Omega-6 Fatty Acids: Hype or Healthy?

 

We don’t need to remind you that omega-3 fatty acids are popular nutrients these days due to their benefits not only in joint health, but also immune, cardiovascular, and brain health, too.

Amongst the plethora of omega-3 options, you might have seen omega-6 fatty acids thrown into the mix…but how are they different?  Is one better than the other?  Should you be consuming the same amount of each?

Let’s dig in and answer those questions…

A quick intro on Omega-3’s

Omega-3 fatty acids are the building blocks for many molecules within our immune system and help to determine which paths are taken during an immune response. The problem is, our bodies can’t make omega-3 fatty acids; we must eat foods that contain them.

It’s important to note that these omega-3’s are polyunsaturated—not saturated.

 

Do you get confused by saturated, unsaturated, monounsaturated, and polyunsaturated fats?   

Download our quick guide on Healthy vs Unhealthy Fats.

 

Omega-3 fatty acids vs Omega-6 fatty acids…what’s the difference?

The simplest way of generally knowing what kind of omega’s your body is getting is by the foods you eat.

Seafood—especially krill and fish—are excellent sources of EPA and DHA, the two omega-3 fatty acids that continually demonstrate improvements in health within multiple systems of the body. Another form of omega-3’s, called ALA, are found in some nuts and seeds, as well as high-quality beef.

You can find omega-6 fatty acids in oils used for cooking such as vegetable oil, soybean oils, safflower oil, etc.

We don’t want to get too far into the chemistry of these two kinds of fatty acids, so we’ll just say that their main difference lies in the location of the strongest chemical bond between two carbon molecules.

The location of a tiny chemical bond may not seem like it would be the determining factor…but researchers state otherwise!

 

Omega-6’s seem to be the opposite of omega-3’s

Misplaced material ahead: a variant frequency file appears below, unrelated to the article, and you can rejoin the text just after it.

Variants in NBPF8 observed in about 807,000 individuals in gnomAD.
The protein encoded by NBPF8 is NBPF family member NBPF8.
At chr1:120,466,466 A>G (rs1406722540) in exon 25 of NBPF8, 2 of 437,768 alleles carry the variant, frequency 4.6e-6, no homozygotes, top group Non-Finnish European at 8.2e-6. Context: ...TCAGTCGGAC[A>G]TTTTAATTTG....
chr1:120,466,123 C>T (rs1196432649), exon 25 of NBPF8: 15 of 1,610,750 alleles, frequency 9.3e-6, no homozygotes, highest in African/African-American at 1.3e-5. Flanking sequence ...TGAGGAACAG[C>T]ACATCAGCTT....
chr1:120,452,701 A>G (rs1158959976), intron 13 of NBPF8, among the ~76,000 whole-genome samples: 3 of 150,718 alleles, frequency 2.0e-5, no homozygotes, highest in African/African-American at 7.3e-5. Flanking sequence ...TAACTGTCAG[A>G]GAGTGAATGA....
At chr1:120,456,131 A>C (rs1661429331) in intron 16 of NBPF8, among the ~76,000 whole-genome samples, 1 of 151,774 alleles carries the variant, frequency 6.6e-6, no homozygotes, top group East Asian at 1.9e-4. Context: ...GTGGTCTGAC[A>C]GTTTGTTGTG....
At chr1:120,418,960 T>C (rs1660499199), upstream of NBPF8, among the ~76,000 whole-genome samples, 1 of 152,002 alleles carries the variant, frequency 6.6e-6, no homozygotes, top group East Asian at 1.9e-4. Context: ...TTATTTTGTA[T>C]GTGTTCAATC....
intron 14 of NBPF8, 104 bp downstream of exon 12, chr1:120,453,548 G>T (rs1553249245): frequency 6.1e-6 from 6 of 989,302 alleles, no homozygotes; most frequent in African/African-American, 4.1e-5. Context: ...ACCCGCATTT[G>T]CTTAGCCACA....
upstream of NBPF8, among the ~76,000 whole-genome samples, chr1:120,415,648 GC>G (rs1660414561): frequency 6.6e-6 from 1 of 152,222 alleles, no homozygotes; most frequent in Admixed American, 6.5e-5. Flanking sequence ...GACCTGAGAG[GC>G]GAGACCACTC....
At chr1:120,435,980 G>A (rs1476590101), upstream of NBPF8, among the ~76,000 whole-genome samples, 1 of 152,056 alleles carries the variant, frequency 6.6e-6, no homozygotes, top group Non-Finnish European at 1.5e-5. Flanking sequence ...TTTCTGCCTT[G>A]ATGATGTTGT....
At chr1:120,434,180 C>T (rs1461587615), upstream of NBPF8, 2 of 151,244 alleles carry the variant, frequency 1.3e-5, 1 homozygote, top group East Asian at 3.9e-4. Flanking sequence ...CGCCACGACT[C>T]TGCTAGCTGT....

Researchers have found that omega-3 and -6 fatty acids seem to have opposite effects on the body.

In other words, they compete with (or complement) one another:

More omega-6’s present results in more inflammatory molecules and enzymes, while in contrast, more omega-3’s present results in more anti-inflammatory molecules and enzymes.

 

Should you cut omega-6 fatty acids completely out of your diet?

It might seem strange that the end-result of these similar molecules can be so opposing, but the reality is, we need both kinds of omega fatty acids to function efficiently.

While it’s true that increased swelling and other indications of “inflammation” are undesirable, our immune systems’ put it into effect for a reason.

For example, if an athlete is running and suddenly trips, falls, and breaks her leg…her immune system will use the products of omega-6’s to instantly “tell” her to stop using her leg.  With the help of pain, her body will automatically attempt to immobilize her leg via swelling and begin the early stages of the healing process.

Like omega-3’s, omega-6 fatty acids are unsaturated, too.  This makes them more preferential than saturated fats, which are associated with high cholesterol levels.

In other words, omega-6 fatty acids shouldn’t be removed from your diet completely;  it’s the proportions of omega-3’s and omega-6’s we need to adjust.

The Omega 6:3 Ratio

Unfortunately, it’s a lot easier to get omega-6 fatty acids into your daily meals than it is omega-3’s—especially if you’re a fan of the typical Western diet that uses oils to cook and fry foods.

Researchers and physicians have established the 6:3 ratio to aim for when it comes to limiting the amount of omega-6-rich foods and getting enough omega-3’s from foods you eat.

Today, the general public’s omega 6-to-omega-3 ratio is 20:1!

This ratio is based on the percentage of calories from fat. A 20:1 is high when comparing most things, and omega-6 and omega-3’s are no different.

Researchers hypothesize that humans’ omega ratio was 1:1 up until around the 18th century!

In other words, since the days of Benjamin Franklin, our consumption of omega-6 fatty acids has multiplied by 20! Is it such a surprise that joint problems are such a prevalent problem these days?

 

But, there’s good news!

Increasing omega-3 intake while also decreasing omega-6 fatty acid-rich foods can improve your omega 6:3 ratio drastically.

 

There are even healthier omega-6 options that contain omega-3’s, like the Mediterranean Diet.

 

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